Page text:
Tasmanian LGBTI advocates have welcomed the state government’s commitment to removing the requirement for trans people to divorce before their gender can be officially recognised, but say the reforms should go further by also ending forced surgery.
Attorney-General Elise Archer yesterday confirmed that the Tasmanian government would move on the issue of trans forced divorce, in response to a question from The Greens.
“We welcome the government’s commitment to removing the archaic requirement that transgender partners divorce before their true gender is officially recognised, but this is just one of the unnecessary hurdles to fair and equal treatment for transgender and gender diverse Tasmanians,” she said.
“We are talking to the government about also removing the requirement that transgender people must have surgery before their gender is officially recognised on their birth certificate.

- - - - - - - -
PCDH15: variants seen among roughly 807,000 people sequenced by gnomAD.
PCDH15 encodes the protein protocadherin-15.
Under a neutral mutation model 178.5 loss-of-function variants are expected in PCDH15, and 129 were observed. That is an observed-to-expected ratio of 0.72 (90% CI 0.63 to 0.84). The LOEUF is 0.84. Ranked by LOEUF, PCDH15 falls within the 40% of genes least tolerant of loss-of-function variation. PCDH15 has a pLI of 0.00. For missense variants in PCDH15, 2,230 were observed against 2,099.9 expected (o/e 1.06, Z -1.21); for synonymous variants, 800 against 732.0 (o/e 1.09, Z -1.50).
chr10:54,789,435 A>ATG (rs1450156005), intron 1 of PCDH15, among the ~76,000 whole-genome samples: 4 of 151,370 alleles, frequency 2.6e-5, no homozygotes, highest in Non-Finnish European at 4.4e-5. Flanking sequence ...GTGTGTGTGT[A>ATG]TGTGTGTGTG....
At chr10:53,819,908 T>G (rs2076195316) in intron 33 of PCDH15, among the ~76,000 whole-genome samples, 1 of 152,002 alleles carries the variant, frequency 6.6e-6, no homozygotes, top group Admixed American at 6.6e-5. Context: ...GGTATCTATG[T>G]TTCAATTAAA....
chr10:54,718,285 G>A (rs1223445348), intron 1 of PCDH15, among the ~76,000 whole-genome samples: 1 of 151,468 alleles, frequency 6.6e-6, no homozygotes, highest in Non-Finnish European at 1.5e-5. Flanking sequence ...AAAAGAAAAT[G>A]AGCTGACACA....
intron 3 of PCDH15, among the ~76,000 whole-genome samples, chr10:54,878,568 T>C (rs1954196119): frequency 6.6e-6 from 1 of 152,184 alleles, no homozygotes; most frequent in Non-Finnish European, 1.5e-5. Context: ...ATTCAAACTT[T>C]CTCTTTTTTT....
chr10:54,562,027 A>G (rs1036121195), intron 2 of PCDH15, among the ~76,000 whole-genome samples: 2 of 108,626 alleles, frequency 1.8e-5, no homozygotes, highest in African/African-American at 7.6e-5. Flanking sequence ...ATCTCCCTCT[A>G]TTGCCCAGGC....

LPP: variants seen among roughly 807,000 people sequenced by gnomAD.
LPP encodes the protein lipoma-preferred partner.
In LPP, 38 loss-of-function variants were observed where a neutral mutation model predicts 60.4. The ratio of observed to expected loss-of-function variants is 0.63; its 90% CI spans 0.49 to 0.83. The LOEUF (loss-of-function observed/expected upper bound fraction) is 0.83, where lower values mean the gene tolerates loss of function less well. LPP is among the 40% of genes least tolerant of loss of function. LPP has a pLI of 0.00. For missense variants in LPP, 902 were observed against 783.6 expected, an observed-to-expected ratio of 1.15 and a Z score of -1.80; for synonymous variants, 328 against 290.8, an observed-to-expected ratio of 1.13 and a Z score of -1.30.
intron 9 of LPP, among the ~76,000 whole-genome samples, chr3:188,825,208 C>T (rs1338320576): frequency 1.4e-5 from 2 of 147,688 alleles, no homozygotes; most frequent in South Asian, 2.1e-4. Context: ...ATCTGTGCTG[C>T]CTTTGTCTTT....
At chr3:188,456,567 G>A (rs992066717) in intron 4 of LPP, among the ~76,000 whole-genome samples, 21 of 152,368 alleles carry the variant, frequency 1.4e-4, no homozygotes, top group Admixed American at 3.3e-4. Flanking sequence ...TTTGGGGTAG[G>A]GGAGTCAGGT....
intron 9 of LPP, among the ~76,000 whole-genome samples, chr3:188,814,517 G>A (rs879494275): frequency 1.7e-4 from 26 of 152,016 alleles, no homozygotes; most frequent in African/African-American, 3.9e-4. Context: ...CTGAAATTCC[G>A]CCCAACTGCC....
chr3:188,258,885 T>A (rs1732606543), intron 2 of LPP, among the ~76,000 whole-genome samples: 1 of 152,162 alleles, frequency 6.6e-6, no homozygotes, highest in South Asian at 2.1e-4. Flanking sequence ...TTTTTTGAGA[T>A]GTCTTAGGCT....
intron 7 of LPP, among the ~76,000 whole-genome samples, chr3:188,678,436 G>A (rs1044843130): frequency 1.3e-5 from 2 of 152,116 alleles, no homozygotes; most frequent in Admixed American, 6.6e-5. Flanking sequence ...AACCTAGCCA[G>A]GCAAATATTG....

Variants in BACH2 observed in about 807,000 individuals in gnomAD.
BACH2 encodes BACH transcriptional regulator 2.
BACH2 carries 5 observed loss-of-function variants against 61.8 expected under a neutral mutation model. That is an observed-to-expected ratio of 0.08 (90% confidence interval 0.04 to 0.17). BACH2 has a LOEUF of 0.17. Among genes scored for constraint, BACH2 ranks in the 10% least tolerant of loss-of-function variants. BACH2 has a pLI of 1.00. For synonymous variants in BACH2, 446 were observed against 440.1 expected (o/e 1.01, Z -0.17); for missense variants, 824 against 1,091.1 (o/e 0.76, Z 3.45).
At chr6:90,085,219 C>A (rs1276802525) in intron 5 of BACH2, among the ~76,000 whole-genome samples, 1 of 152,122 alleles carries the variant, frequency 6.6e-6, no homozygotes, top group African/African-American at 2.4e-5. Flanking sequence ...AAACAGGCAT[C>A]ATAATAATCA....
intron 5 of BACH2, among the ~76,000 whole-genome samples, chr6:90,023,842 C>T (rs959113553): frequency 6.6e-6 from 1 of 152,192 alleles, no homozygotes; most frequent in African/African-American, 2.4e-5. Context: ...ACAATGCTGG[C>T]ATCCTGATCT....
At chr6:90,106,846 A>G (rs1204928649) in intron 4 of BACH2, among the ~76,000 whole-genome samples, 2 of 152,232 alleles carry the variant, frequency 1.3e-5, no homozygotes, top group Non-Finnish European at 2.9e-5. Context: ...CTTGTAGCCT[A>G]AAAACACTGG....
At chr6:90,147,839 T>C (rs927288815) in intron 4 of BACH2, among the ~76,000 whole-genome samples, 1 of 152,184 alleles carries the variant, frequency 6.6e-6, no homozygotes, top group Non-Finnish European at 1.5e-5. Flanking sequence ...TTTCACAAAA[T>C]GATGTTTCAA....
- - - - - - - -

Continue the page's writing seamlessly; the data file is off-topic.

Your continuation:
“Some transgender people can’t have surgery for medical or financial reasons, and it is unfair to leave them in legal limbo.
“The government should stop meddling in the lives of transgender and gender diverse people, and allow us the same opportunities in life as everyone else.”
An online petition is collecting increasing support to demand state and territory governments scrap the requirement for surgery before trans people can correct their legal sex.
Last year’s marriage equality legislation placed an obligation on each state and territory to remove the forced divorce provision by December this year.
A hangover from the time before same-sex marriage equality, the forced divorce requirement prevents married people from correcting the gender on their birth certificate, officially creating a same-sex union.